I have always appreciated the Catholic saints who serve as exemplars of holiness and sanctity. Each saint shows us the very many ways that we can live our lives with our eyes fixed upon Jesus. As a Catholic, I believe that Mary has a special place within the communion of saints as one who stands in a special relationship with Jesus: as a mother stands to her son. It is this Mary who opened herself wholly to the invitation of God to be the mother of the savior, this Mary who risked much for her faith, this Mary who taught her son how to love and loved him into the man he became, this Mary who stayed with him until his tragic execution at the cross. As an exemplar, is there any better among this "cloud of witnesses" who may show us what a truly Christ-centered life is like?
As Christians, it is certainly not uncommon for us to ask one another for prayers. I ask others to pray for me and for my intentions frequently. I also receive very many prayer requests, which I do take most seriously. Why then, if we are surrounded by a "cloud of witnesses" would we not ask them, too, for them to pray on our behalf? If we pray seriously the opening of the Hail Mary, should our eyes and heart not be directed to Mary but through Mary to the true center of her life and our life: Jesus Christ?
As I have come to know and cherish it, the Hail Mary is a prayer that fuses the acclaim of heaven and earth. The words of an angel and the words of a human proclaim the singular grace that is Mary's vocation in history: to be the bearer of the Christ. By making this our prayer, we join our voices with Gabriel and all those who have looked to Mary as the prime model of a truly Christ-centered life. With her as our guide, we ask her to pray on our behalf, to join her words to ours as we continue to grow in our discipleship.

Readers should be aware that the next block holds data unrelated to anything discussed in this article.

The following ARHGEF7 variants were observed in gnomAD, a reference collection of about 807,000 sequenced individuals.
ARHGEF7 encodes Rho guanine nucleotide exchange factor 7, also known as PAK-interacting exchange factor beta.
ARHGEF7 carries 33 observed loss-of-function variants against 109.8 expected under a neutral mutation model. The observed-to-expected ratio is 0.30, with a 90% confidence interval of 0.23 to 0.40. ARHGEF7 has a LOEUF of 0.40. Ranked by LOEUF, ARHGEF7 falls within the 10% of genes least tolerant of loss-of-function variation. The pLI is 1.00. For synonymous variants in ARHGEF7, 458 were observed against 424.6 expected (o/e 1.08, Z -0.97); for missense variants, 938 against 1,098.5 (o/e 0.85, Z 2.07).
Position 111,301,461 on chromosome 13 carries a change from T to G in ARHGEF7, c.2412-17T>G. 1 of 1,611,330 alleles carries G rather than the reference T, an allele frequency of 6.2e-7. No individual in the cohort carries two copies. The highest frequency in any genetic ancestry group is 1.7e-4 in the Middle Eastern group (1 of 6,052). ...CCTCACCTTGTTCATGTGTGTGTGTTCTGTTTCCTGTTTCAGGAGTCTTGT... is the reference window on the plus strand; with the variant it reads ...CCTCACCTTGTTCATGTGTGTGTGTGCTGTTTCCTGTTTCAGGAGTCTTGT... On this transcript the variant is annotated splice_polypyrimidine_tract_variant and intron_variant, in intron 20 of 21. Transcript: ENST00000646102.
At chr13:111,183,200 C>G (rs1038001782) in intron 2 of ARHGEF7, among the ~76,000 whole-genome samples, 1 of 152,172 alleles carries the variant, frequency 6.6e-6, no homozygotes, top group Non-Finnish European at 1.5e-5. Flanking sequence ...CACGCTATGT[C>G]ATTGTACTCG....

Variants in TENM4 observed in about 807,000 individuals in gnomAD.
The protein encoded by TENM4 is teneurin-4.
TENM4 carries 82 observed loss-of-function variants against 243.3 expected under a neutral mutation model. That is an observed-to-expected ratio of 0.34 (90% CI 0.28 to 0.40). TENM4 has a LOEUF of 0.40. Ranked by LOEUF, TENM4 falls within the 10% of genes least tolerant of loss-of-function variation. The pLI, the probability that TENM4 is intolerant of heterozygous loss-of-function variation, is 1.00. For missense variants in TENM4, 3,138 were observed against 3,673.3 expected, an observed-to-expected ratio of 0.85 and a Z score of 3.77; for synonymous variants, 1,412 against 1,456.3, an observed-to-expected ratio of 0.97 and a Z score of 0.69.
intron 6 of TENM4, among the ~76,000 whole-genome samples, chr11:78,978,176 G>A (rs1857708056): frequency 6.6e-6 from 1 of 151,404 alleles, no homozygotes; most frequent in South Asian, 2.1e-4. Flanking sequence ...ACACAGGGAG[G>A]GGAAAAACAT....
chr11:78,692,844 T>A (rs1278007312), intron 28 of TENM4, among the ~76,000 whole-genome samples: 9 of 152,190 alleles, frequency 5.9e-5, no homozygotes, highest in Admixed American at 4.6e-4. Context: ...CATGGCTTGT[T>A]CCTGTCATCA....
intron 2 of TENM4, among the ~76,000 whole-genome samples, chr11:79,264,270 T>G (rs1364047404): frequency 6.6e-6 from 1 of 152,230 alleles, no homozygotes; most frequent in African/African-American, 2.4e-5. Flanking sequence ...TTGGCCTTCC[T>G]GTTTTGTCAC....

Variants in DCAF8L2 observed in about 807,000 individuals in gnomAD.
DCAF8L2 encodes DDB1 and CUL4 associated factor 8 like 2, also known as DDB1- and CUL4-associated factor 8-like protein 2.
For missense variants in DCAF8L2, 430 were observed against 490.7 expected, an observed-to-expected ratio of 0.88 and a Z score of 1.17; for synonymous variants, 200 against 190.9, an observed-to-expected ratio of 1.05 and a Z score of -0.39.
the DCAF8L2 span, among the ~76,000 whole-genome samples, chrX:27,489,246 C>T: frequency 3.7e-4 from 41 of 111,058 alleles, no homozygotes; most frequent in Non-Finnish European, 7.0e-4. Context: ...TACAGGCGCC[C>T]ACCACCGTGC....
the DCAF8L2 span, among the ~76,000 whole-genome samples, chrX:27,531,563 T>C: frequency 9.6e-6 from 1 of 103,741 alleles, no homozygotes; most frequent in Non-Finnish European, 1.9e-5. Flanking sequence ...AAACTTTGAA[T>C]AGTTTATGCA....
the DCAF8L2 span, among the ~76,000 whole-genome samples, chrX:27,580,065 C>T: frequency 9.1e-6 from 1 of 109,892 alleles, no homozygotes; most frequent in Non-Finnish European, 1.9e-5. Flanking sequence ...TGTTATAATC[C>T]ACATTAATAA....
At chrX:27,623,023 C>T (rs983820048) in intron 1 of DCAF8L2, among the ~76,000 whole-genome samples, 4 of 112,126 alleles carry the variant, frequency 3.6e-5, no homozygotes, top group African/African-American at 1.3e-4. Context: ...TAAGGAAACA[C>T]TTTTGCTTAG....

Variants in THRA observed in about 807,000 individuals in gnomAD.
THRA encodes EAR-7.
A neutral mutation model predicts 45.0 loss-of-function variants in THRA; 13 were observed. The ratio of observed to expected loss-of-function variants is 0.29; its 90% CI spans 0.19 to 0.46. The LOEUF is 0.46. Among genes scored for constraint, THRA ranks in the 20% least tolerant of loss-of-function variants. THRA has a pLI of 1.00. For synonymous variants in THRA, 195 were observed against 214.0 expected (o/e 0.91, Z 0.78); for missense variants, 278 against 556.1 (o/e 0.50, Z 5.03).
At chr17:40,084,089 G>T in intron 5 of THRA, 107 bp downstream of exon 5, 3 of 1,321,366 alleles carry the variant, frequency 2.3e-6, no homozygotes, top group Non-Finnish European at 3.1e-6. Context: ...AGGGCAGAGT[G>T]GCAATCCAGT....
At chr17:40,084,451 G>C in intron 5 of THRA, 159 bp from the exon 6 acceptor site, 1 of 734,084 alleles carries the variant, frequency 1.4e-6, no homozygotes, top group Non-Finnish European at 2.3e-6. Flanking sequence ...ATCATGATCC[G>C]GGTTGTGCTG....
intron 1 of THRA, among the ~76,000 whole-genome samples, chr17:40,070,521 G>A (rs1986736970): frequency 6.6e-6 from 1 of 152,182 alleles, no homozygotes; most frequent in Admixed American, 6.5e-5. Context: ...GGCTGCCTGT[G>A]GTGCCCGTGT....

I am acutely aware of Marian excesses and I deplore them as superstition. On the other hand, I would not be so cavalier as to jettison the practice of saying the rosary...if for no other reason than I do it and derive great benefit from it. In praying the rosary, I find myself focusing more and more on the various aspects of Jesus' life, death, and resurrection. The meditation of the rosary actually illuminates the person of Jesus and my relationship with Him.
When Catholics pray to Mary, or to the saints, it can often sound like they are praying to min-gods. This is sad. When I say, "I'll pray to Saint Gerard for your pregnancy" I mean only to say that as I commend the particular person to God's providential care, I will also ask that Saint Gerard do so as well. It might sound hokey, but in inviting a member of the communion of saints to pray with me, I am reminded that, as Christians, we are never alone. We are the Body of Christ - past, present, and future - and the prayers of one should be the prayer of all. Thus do I invoke the saints and Mary, deepening a spiritual friendship with those who are recognized as leading holy, Christ-centered lives and who give me a model for the type of life that I want to lead.
Okay, I kind of lied. The answer I gave my friend was A LOT SHORTER but, as I wrote, I realized that I should fill in some gaps. By no means do I think that this will change the mind of anyone convinced that Catholics pray to Mary, but perhaps it will help to launch further conversation.